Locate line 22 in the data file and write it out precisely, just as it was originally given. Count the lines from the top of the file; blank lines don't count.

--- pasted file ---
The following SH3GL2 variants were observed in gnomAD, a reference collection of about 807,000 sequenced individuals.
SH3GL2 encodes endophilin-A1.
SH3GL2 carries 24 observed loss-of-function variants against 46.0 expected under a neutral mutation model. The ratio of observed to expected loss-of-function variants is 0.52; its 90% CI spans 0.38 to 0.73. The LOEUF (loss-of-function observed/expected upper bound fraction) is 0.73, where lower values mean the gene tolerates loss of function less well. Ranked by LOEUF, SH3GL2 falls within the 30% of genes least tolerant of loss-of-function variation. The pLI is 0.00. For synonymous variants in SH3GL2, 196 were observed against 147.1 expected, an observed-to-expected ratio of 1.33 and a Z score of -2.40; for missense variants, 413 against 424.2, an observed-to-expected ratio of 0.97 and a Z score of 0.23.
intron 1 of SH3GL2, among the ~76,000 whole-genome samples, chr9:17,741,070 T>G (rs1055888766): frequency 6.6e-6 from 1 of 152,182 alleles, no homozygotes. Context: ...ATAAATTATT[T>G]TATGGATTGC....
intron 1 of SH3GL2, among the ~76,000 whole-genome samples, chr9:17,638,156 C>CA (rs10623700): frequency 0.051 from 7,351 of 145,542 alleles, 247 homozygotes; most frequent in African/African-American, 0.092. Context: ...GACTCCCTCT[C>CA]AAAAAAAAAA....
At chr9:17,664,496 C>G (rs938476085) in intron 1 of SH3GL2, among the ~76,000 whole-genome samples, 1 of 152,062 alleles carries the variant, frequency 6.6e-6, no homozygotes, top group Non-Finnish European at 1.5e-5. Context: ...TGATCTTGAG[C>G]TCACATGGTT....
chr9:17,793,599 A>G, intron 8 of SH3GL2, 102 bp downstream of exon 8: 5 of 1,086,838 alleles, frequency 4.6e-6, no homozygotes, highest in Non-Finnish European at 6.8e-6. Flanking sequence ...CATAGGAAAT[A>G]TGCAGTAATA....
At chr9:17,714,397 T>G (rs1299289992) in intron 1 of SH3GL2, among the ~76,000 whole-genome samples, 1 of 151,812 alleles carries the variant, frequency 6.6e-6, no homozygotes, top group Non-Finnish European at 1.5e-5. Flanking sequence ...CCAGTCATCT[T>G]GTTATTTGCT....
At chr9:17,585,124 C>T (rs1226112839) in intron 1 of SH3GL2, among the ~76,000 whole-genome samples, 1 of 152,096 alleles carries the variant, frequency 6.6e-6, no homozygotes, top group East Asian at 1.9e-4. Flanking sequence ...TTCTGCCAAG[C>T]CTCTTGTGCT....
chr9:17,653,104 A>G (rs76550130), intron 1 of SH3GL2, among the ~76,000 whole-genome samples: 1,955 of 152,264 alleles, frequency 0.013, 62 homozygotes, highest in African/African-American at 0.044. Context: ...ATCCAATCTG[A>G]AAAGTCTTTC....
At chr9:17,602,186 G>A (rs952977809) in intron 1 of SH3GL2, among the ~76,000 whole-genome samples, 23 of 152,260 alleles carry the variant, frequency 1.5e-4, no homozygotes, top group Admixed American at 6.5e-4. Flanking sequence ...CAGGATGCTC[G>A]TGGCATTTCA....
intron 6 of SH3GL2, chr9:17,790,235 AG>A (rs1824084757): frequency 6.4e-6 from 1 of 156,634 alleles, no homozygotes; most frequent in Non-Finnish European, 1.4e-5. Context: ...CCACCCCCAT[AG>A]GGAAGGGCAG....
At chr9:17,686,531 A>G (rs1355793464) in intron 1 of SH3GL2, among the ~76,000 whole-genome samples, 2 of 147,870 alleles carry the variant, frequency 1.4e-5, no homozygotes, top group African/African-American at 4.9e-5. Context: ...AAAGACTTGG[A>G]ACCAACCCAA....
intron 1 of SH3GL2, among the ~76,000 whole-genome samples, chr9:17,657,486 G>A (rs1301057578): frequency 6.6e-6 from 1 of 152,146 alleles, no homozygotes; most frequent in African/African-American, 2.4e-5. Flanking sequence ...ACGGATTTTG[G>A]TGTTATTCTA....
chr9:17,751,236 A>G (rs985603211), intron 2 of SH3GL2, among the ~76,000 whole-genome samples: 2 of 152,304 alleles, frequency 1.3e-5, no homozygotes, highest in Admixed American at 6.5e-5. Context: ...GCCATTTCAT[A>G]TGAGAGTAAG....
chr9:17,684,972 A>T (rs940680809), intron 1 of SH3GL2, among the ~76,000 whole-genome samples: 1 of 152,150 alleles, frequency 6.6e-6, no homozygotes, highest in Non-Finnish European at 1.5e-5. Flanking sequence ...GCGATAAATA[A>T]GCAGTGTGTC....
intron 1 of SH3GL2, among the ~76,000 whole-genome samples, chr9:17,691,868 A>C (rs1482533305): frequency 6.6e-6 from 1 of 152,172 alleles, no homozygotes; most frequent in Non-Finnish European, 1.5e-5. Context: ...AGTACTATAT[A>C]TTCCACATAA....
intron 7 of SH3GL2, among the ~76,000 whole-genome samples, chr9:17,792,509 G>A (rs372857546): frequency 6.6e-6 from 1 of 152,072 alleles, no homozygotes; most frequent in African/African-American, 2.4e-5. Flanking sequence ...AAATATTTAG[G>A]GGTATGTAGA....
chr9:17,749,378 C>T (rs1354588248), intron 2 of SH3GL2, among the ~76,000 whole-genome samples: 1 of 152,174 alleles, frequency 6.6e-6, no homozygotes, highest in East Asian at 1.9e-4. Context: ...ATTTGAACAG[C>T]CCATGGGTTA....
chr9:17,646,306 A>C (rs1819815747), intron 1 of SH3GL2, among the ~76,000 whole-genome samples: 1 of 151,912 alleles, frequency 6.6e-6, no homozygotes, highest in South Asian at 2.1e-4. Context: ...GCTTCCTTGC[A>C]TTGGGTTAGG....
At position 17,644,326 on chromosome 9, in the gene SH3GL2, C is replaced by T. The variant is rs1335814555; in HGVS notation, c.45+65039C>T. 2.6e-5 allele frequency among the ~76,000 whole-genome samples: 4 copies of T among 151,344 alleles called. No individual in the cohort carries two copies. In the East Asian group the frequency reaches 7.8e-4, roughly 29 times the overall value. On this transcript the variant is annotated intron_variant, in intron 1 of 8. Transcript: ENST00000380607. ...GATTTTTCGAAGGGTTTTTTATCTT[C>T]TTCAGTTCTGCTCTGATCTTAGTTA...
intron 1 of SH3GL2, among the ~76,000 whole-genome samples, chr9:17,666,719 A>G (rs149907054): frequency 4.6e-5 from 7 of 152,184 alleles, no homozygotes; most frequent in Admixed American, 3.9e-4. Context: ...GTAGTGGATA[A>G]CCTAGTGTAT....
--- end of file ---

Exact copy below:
intron 1 of SH3GL2, among the ~76,000 whole-genome samples, chr9:17,666,719 A>G (rs149907054): frequency 4.6e-5 from 7 of 152,184 alleles, no homozygotes; most frequent in Admixed American, 3.9e-4. Context: ...GTAGTGGATA[A>G]CCTAGTGTAT....